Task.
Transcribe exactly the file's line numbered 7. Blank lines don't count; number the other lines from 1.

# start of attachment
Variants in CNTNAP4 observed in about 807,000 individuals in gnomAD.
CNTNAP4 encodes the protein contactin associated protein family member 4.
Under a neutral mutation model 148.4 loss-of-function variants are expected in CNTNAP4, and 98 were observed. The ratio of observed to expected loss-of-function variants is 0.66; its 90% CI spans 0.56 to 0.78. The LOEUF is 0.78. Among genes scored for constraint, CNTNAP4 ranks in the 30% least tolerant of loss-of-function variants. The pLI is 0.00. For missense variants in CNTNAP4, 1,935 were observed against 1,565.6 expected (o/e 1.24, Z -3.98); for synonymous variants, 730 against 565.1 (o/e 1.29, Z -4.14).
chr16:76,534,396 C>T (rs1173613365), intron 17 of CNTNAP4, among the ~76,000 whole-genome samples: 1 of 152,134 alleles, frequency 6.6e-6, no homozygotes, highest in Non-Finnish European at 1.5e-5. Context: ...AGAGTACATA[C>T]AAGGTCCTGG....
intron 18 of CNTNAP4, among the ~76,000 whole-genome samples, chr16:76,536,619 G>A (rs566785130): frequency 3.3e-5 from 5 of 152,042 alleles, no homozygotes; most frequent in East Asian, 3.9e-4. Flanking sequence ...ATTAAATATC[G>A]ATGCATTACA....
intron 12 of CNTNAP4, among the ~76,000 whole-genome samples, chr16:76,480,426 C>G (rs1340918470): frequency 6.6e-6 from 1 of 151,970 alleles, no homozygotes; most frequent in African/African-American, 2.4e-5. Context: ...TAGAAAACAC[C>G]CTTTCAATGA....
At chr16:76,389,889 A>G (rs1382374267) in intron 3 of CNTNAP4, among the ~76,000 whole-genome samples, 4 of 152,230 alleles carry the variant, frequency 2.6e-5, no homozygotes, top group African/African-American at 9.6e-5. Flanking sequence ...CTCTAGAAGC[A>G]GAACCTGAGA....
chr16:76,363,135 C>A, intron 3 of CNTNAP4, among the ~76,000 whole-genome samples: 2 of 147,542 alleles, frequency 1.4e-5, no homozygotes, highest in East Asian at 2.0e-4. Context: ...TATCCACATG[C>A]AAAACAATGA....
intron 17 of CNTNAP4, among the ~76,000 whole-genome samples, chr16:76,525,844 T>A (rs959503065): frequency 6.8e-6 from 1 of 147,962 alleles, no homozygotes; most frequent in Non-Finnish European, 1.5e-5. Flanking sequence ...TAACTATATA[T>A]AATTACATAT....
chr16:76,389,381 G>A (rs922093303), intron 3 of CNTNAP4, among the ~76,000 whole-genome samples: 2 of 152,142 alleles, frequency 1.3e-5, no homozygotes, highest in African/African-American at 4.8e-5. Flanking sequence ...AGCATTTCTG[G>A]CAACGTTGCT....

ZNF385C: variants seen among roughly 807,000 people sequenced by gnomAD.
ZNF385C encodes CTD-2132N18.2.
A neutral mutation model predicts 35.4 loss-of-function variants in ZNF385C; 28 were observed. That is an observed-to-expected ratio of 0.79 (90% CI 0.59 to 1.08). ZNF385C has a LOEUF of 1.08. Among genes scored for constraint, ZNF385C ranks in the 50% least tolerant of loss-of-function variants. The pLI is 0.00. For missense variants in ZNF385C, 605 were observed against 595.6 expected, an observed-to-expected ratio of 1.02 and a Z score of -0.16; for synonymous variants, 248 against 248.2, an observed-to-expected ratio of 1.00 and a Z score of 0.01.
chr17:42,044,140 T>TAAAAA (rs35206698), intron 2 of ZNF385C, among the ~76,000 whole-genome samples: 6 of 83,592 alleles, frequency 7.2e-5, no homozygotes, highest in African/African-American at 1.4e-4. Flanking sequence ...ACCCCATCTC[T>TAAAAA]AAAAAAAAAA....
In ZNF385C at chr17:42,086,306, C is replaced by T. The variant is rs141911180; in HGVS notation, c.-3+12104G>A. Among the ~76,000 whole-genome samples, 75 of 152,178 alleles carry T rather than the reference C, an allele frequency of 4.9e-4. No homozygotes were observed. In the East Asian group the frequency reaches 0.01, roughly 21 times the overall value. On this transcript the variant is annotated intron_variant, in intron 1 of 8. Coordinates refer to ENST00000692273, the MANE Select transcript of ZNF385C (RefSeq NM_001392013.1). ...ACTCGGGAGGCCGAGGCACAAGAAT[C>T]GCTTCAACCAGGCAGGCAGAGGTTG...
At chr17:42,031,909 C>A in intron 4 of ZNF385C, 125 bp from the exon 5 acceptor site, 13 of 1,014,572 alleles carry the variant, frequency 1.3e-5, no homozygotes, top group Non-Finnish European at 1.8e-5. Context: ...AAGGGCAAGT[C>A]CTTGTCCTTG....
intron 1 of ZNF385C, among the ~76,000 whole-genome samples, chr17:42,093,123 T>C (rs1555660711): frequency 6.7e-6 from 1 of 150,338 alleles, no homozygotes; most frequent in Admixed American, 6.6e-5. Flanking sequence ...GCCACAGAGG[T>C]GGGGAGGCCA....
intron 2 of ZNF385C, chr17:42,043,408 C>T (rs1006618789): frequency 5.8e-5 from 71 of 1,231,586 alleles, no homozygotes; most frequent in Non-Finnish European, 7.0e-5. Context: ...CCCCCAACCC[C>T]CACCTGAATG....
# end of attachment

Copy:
At chr16:76,389,889 A>G (rs1382374267) in intron 3 of CNTNAP4, among the ~76,000 whole-genome samples, 4 of 152,230 alleles carry the variant, frequency 2.6e-5, no homozygotes, top group African/African-American at 9.6e-5. Flanking sequence ...CTCTAGAAGC[A>G]GAACCTGAGA....